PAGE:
• Temporary facial nerve palsy: Temporary facial drooping and muscle weakness might result from damage to the baby’s facial nerves. It takes a few weeks to heal.

Forceps delivery are unsafe if you have the following:

  • Not fully dilate.
  • Premature baby (more than six week prematurely).
  • Your baby has a bone condition or bleeding problem.
  • At the birth canal, your baby is leading with their arms.
  • Difficult to locate the position of the baby.
  • Your baby may not fit through the birth canal.

Before the procedure

Forceps delivery may be necessary if:

  • Your healthcare provider underwent training and with experienced in using forceps delivery.
  • You have been trying to give birth for the recommended amount of time (one to four hours, based on your health).
  • Your baby has descended to the midpoint of the birth canal, making it accessible.
  • The heart rate of the unborn baby suggests that it is in fetal distress and should be delivered immediately.

Informed consent is required for forceps delivery. Your healthcare team will go over the advantages and disadvantages of emergency plans with you if you haven’t previously, and they will need your permission to proceed with the procedure. If you haven’t had pain medicine already, they will then provide it to you.

In order to get ready, they will use a catheter to drain your bladder if necessary and break your water if it hasn’t already broken. This helps to create more space in the birth canal. In some cases, they may opt to perform an episiotomy, which is a surgical incision of the perineum, to facilitate the use of forceps.

During the procedure

The forceps delivery tool are ideally designed for you and your baby. The ends of the blades are bent to support your baby’s head shape, and the length of the blades is curved to fit your pelvic shape. Additionally, several kinds of forceps are available to handle various situations, such as breech and rotated babies. Your healthcare provider will choose the appropriate ones for your baby.

You will lie on your back with your legs apart for the entire procedure. You’ll keep pushing through your contractions, taking breaks in between. During the intervals between contractions, your healthcare provider will position one forceps blade on either side of your baby’s head (or feet) during this time. Using mostly your pushing force, they’ll use your next contraction to apply light traction to the forceps to help guide the baby out. They will focus on rotating your baby into a better position for birth in between contractions if that’s necessary.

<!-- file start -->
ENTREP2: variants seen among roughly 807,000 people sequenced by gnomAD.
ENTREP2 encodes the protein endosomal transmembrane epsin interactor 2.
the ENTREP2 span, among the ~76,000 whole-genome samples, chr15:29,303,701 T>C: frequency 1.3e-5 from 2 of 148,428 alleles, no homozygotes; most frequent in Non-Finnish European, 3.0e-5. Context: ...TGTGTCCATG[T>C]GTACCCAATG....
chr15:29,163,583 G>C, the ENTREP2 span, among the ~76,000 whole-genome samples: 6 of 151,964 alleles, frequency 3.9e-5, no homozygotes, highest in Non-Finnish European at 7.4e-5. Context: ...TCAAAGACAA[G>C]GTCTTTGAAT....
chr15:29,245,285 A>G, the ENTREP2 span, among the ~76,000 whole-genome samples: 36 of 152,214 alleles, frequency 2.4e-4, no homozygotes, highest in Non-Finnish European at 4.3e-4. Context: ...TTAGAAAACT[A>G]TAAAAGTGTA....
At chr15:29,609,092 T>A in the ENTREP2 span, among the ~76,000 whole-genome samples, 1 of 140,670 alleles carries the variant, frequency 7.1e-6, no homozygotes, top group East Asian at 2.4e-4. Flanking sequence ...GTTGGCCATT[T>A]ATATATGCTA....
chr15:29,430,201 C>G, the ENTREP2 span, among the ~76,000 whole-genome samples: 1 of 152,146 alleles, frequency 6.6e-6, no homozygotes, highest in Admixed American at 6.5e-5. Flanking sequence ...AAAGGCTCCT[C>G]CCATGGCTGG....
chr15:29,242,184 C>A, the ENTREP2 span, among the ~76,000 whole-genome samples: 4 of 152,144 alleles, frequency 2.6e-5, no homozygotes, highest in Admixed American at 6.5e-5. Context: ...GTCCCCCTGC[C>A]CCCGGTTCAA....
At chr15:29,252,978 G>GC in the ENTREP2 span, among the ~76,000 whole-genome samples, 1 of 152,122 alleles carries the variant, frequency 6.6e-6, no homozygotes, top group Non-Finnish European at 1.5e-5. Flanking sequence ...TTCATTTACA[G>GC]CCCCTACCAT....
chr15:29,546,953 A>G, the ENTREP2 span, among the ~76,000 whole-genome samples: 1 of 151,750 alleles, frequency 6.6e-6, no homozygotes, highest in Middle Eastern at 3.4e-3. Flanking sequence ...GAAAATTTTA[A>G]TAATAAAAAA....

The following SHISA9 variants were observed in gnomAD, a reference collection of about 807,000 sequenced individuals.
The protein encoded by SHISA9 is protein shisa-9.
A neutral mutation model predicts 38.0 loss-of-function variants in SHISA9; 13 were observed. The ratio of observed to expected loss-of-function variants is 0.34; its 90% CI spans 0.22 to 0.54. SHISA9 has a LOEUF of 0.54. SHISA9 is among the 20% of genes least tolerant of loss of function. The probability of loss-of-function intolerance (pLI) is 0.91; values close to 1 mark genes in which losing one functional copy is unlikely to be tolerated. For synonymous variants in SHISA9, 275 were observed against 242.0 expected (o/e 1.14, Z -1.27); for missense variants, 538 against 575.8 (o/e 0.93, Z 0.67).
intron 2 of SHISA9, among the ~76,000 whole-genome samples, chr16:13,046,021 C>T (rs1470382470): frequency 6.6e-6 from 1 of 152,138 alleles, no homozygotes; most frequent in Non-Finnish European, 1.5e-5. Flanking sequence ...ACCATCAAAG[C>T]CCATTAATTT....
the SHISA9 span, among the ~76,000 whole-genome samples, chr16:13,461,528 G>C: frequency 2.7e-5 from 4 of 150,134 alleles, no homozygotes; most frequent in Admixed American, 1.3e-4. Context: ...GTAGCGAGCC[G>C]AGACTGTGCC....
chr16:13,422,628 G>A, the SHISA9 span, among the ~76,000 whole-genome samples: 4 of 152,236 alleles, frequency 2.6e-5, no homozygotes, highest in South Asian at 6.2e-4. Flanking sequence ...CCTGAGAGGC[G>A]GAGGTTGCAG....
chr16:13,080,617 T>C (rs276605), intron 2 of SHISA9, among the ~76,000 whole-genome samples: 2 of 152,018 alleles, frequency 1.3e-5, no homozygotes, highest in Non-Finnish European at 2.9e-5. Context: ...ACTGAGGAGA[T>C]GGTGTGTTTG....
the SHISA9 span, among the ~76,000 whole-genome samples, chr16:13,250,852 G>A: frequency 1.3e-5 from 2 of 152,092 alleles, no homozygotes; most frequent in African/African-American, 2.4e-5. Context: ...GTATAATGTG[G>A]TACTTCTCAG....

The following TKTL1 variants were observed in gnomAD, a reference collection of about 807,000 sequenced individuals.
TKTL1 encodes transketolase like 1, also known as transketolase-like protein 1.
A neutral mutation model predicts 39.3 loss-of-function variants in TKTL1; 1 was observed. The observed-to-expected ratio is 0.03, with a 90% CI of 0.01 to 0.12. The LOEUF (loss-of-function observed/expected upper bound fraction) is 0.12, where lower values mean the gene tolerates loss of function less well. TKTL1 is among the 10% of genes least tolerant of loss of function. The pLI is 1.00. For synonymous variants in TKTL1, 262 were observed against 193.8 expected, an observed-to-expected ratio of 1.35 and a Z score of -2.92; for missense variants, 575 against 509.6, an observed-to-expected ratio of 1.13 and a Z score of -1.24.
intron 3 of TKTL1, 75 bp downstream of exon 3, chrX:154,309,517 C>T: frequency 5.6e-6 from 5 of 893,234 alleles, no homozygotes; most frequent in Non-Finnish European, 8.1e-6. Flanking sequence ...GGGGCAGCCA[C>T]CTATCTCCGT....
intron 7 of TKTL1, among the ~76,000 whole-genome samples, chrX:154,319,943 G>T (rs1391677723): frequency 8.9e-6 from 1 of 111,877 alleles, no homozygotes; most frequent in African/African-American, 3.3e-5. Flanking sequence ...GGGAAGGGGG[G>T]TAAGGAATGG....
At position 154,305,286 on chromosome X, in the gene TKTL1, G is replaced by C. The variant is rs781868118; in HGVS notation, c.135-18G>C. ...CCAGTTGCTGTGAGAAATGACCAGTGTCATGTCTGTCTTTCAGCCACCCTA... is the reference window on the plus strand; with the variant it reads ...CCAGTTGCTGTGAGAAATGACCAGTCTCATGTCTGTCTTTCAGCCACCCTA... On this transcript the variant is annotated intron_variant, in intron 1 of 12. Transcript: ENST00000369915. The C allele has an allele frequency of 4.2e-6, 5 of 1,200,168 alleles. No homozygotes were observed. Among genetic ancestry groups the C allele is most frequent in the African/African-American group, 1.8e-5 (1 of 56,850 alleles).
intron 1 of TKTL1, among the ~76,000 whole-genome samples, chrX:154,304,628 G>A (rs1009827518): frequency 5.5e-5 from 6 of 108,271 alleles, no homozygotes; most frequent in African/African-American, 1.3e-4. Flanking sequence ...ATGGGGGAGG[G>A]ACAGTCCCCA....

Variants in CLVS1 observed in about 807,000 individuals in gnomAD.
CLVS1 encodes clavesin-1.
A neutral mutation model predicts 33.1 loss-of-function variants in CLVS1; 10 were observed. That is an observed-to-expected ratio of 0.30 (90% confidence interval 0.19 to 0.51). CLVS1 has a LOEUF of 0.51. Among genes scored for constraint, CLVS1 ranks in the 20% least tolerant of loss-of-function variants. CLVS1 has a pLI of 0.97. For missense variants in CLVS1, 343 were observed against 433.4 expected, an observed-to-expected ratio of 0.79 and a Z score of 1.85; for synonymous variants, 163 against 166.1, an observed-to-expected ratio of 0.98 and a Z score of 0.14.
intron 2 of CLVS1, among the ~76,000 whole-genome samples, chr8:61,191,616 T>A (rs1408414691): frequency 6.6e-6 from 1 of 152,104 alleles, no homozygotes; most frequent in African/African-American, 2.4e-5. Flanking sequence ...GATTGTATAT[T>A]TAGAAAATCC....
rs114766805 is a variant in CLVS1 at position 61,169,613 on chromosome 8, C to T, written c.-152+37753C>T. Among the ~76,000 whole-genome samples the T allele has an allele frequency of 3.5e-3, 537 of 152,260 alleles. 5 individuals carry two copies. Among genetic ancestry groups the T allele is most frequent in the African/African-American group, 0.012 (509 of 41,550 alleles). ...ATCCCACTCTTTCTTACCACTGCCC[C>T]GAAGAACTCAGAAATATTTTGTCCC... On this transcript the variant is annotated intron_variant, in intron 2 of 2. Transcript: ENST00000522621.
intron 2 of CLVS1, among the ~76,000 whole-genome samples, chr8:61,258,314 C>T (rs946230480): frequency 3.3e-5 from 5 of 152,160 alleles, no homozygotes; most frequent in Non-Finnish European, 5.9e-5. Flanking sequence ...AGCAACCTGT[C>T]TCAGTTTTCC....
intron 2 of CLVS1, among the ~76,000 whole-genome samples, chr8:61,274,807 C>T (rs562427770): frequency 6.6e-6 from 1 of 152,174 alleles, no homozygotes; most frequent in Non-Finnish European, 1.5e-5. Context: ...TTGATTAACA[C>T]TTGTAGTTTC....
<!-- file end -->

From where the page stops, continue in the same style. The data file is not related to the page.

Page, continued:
Forceps are only ever utilized when they are beneficial. Your healthcare provider will release the forceps if your baby just needs to be rotated to get assistance. They will then release the forceps if your baby only requires assistance passing the widest section of their head through. The majority of forceps deliveries progress with one or two pulls and end with three or four. Your healthcare provider will remove the forceps if it seems that they are not assisting your baby in moving forward.

After the procedure

Should the forceps work as intended, your delivery will proceed as usual. If these don’t work, your healthcare provider might suggest a cesarean section to assist with the delivery of your baby.

Your healthcare team will examine you and your baby for any injuries that may have occurred during delivery. They will suture you up if you have an incision or tear that has to be repaired.

They will keep an eye out for any indications of procedure-related problems with your baby over the course of the following few hours. You can bring your baby home if there are no symptoms.


After a forceps delivery, you might stay in the hospital for a little while longer, but the recovery period will be similar to that of an unassisted birth. It takes roughly six weeks on average, maybe more if you’re recovering from serious tears. If stitches are used, they usually dissolve within approximately a month.

Wearing a pad may be necessary for regular vaginal bleeding. Over-the-counter medications should be able to help you manage any remaining pain.

If you experience any severe bleeding or severe pain, it is recommended to seek medical attention or contact your healthcare provider.